Mark L. Nelson

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Mark Nelson is an American chemist specializing in the field of antibiotics and tetracyclines. His synthesis techniques have resulted in over 40 patents and he conceived and synthesized with Mohamed Ismail and Laura Honeyman the tetracycline antibiotic omadacycline (Nuzyra), the first of the aminomethylcycline subclass of tetracyclines to reach medical use.[1] It is useful against resistant bacteria and used for severe infections.[2]

He is one of the authors of Mass spectroscopic characterization of tetracycline in the skeletal remains of an ancient population from Sudanese Nubia 350–550 CE,[3][4] published in 2010, which reported that ancient civilizations were producing antibiotics and used them to treat diseases. His work used anhydrous hydrogen fluoride to dissolve mummy bones found in Nubia followed by mass spectroscopic characterization.[5][6][7]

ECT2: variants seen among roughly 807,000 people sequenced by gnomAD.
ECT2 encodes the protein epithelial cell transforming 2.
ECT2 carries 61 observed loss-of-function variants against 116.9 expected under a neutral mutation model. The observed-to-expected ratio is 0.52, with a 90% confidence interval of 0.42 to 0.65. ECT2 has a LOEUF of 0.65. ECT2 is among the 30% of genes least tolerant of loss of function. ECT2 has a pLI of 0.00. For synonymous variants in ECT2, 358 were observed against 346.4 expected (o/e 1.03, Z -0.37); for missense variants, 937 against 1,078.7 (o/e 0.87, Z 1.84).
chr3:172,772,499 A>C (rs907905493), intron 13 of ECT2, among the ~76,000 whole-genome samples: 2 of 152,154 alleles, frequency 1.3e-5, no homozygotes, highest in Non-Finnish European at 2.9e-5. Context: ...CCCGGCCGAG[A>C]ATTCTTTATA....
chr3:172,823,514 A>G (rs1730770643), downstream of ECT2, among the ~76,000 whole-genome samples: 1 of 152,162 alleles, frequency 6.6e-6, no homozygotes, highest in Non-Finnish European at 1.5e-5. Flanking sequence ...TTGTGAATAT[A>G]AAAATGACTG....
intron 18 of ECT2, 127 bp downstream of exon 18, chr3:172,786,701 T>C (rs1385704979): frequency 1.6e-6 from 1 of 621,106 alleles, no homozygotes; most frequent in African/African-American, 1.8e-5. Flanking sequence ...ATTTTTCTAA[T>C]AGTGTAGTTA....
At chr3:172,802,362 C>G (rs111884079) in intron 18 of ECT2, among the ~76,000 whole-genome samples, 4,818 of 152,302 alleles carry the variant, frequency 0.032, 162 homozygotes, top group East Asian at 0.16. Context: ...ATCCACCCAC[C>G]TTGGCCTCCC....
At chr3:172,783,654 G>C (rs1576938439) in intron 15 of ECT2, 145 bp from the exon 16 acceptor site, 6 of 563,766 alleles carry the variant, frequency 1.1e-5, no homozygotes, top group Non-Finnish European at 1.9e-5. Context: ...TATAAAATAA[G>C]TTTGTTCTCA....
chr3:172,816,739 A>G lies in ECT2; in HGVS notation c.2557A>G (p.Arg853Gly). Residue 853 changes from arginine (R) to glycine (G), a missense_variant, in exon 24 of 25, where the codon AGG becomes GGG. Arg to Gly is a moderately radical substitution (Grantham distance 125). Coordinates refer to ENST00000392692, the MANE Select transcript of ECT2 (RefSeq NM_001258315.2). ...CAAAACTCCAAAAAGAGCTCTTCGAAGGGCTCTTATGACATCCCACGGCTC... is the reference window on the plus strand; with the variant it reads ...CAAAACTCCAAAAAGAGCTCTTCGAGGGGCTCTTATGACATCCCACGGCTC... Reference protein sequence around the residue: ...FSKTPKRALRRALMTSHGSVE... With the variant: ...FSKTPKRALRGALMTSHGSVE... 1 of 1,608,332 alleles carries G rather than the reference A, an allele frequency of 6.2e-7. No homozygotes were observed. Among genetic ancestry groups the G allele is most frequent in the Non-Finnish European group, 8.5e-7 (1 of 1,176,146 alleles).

He also is known for his scientific research into the non-antibiotic uses of the tetracyclines and for his work on the history of the compounds.[8]


  1. ^ "Structure-Activity Relationship of the Aminomethylcyclines and the Discovery of Omadacycline". Antimicrobial Agents and Chemotherapy. Retrieved 2016-01-26.
  2. ^ Parry, Wynne. "Ancient African Cocktail: Beer and a Shot of Antibiotic". Live Science. Retrieved 13 December 2017.
  3. ^ Willingham, Emily. "Ancient Nubians might have brewed beer for antibiotics". Earth & Sky. Retrieved 13 December 2017.
  4. ^ "Antibiotics 1700 Years Ago - In Beer!". Science 2.0. 3 April 2015. Retrieved 13 December 2017.
  5. ^ "Ancient brew masters tapped antibiotic secrets". ScienceDaily. Retrieved 13 December 2017.
  6. ^ "Ancient Nubians Made Antibiotic Beer". WIRED. Retrieved 13 December 2017.
  7. ^ Clark, Carol. "Ancient brewmasters tapped drug secrets". Emory University. Retrieved 13 December 2017.
  8. ^ Nelson, Mark; Levy, Stuart (1 December 2011). "The history of the tetracyclines". Retrieved 13 December 2017.

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